Monday, September 10, 2012

RMFW Conference Wrap-up, and Tainted City news

Before anything else I just have to share: as of today, The Tainted City is in stock on Amazon!  Yes, that's right, IN STOCK. Now. RIGHT NOW. Holy crap! I mean, the early ship date isn't totally unexpected...as I recall, last year The Whitefire Crossing shipped from Amazon about 2 weeks early...but still. Yow.  I can't quite wrap my head around the idea that the book I spent so many late nights writing this past year is heading out to readers' hands at last.  (You guys, I am *dying* to know what you think, whether good or bad!)

(Just to clarify, it's only the print version of Tainted City that's going to be available so early.  For whatever reason, Amazon ships print books the minute they hit their warehouses, but the ebooks never become available until the official release date.  Don't ask me why this is.  The ways of publishing are byzantine and mysterious.)

Of course, this past weekend some folks got their hands on copies even earlier...because I attended the Rocky Mountain Fiction Writers "Colorado Gold" conference, and participated in the conference book sale.  (I brought about ten copies of The Tainted City and sold all of 'em.  Including one to a very kind, very well-meaning gentleman who first bought The Whitefire Crossing for his fantasy-loving wife and had me sign it to her...only to call her later that evening proud of his purchase, and find out that he'd already bought a signed copy of Whitefire for her at the conference last year, and she wanted the sequel!  I signed the sequel for him and promised his wife in the message that I'd make sure not to sell another copy of Tainted City to him next year, haha.)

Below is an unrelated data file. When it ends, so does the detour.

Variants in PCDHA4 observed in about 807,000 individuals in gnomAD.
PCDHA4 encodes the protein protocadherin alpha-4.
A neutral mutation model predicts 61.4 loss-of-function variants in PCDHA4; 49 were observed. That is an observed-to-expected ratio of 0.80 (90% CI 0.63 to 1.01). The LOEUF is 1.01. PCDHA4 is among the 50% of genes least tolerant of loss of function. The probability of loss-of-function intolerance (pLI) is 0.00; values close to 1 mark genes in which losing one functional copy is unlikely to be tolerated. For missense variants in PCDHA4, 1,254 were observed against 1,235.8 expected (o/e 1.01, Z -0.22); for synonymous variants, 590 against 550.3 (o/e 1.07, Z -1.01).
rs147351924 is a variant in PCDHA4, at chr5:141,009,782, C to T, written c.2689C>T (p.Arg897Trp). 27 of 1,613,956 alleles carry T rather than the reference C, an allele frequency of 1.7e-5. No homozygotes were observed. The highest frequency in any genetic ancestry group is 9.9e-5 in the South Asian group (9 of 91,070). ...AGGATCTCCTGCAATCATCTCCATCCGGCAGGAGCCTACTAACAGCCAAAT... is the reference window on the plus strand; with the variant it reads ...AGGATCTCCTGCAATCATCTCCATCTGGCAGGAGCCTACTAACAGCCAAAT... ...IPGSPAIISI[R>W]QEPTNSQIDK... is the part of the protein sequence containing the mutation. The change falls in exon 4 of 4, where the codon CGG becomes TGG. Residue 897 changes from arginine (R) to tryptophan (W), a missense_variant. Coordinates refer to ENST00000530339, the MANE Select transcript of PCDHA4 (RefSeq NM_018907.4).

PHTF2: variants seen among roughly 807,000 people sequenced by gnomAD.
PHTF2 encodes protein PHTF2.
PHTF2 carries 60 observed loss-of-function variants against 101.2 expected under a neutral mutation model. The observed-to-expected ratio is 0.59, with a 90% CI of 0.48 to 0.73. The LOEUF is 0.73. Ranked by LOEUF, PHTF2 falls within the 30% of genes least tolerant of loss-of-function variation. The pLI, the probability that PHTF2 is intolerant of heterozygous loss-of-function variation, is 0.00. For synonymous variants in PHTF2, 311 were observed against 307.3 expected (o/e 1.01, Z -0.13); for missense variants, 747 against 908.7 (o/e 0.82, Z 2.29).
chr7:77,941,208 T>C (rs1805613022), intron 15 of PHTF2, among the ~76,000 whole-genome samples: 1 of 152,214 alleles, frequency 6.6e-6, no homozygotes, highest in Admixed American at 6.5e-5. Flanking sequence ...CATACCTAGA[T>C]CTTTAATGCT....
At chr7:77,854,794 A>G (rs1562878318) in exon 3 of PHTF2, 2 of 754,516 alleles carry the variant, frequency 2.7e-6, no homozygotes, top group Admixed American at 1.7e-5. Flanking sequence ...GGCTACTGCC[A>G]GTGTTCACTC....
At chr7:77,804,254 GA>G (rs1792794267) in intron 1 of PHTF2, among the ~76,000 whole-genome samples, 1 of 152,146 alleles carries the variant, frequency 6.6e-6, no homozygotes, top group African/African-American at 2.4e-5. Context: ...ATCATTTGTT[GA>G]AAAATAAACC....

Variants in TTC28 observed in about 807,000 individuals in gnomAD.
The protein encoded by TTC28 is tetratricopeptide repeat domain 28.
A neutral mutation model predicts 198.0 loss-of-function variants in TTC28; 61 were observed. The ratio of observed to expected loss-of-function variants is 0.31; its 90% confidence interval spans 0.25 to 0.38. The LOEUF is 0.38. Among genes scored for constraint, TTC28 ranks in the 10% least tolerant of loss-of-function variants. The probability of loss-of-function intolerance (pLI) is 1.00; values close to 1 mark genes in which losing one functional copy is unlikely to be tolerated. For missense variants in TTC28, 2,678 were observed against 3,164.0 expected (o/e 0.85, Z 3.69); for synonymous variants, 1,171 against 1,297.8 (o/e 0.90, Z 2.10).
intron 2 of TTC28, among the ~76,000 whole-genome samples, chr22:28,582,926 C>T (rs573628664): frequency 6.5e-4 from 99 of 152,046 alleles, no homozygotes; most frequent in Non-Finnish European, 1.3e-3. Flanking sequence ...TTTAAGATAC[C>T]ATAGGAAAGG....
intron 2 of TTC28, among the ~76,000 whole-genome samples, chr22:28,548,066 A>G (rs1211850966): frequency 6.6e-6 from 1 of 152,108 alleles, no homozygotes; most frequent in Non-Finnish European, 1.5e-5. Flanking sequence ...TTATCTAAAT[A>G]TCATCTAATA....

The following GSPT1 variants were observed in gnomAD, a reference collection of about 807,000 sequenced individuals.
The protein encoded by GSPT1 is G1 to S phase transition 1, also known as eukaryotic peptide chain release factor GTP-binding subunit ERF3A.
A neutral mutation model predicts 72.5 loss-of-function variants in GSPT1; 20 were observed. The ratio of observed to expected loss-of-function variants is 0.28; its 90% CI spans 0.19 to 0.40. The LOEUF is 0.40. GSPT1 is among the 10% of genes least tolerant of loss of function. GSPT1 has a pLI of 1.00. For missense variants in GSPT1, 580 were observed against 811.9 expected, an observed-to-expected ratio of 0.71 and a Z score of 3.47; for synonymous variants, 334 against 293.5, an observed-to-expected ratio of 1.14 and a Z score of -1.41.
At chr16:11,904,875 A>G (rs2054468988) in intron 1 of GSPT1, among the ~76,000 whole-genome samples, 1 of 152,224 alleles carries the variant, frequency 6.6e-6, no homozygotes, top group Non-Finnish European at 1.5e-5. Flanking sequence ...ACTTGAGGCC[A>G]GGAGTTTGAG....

I owe a lot to RMFW. I met my agent-to-be at the very first RMFW conference I attended (back in 2008), and got invited to join a critique group that made a world of difference to my writing.  (Thanks to what I learned from their critique of Whitefire's original draft, I was able to rewrite it to publishable quality and get my book deal.)  I can't say enough about how wonderful an organization RMFW is, full of helpful, kind, generous people who bend over backward to help new writers. 

Group shot of my critique group (all 6 of us attended this year's RMFW conference). Front row: me, Catherine Montrose (a.k.a. Catherine Cooke), Carol Berg.  Back row: Curt Craddock, Susan Smith (a.k.a. Mackay Wood), Brian Tobias.  Without these people, The Whitefire Crossing would never have gotten published.
This was my fifth year in a row attending the RMFW conference, and I had just as good a time as ever.  I'll confess I spent much of the time in the hotel lobby bar hanging out and talking to fellow writers as opposed to attending workshops (though I did attend some, I swear!).  These days as a parent I get so few opportunities for uninterrupted adult conversation that I snatch at the chance whenever I can, heh!  And in truth I find talking to other writers about craft and story ideas just as inspiring as attending formal workshops.  When I ran out of social steam (as often happens during a conference, since I'm an introvert), I happily took myself off to a secluded corner of the hotel and did some plot noodling for The Labyrinth of Flame (the third and final book in the Shattered Sigil series, which I'm about to start work on.)